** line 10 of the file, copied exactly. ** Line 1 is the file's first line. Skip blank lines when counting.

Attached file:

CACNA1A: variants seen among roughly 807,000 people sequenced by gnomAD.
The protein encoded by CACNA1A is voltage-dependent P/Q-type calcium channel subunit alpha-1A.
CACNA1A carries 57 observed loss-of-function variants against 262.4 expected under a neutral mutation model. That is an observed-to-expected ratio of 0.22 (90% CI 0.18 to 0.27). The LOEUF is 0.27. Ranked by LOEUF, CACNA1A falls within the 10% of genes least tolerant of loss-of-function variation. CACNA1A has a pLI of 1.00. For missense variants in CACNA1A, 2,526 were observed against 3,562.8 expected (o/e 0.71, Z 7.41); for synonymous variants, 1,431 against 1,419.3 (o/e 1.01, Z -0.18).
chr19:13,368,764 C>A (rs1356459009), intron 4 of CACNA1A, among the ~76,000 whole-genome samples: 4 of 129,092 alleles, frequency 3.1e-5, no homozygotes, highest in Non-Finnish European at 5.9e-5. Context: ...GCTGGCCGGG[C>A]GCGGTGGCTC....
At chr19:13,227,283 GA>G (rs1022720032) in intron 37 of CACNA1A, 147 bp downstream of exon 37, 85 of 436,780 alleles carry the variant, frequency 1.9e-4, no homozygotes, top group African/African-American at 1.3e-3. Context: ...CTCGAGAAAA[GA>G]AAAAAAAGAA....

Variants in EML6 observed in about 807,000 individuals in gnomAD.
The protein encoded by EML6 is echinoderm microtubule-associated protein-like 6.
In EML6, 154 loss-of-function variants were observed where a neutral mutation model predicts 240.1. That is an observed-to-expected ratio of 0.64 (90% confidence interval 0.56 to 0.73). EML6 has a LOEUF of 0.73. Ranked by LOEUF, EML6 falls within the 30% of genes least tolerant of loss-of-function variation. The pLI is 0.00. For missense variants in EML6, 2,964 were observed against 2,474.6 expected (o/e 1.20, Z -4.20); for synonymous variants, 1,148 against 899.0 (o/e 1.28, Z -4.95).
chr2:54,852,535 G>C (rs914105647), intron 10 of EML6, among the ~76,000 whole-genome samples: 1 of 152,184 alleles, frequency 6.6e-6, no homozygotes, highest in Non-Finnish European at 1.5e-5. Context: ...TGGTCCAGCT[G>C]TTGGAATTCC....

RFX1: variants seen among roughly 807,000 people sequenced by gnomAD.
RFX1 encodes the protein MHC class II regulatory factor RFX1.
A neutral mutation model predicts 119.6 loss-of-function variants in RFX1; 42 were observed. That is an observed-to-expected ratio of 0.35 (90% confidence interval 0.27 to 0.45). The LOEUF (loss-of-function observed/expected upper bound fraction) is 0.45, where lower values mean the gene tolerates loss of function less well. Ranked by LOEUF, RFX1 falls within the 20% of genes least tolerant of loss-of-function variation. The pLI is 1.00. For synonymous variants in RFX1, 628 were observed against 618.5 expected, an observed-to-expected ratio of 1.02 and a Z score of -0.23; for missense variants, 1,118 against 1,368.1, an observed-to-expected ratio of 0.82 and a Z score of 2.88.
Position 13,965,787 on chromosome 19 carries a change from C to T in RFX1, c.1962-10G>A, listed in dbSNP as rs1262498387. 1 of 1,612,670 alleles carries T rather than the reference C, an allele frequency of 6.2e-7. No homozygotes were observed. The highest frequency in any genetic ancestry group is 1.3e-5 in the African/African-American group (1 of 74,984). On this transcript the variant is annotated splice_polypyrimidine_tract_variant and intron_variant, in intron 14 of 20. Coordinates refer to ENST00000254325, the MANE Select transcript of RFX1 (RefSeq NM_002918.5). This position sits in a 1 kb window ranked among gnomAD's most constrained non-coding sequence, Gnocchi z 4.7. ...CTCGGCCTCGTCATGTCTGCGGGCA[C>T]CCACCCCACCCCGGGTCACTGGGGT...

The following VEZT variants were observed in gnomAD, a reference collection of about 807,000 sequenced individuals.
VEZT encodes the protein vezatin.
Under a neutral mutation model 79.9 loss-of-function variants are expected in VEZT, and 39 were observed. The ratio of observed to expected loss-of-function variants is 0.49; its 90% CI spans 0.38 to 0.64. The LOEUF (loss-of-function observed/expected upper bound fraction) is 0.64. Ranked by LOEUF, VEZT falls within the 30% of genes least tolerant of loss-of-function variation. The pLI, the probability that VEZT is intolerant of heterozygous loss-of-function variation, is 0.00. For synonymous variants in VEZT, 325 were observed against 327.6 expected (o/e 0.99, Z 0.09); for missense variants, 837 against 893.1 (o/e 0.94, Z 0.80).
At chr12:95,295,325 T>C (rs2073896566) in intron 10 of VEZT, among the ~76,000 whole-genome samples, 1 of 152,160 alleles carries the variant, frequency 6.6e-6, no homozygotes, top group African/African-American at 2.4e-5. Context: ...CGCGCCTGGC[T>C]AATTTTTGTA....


RFX1: variants seen among roughly 807,000 people sequenced by gnomAD.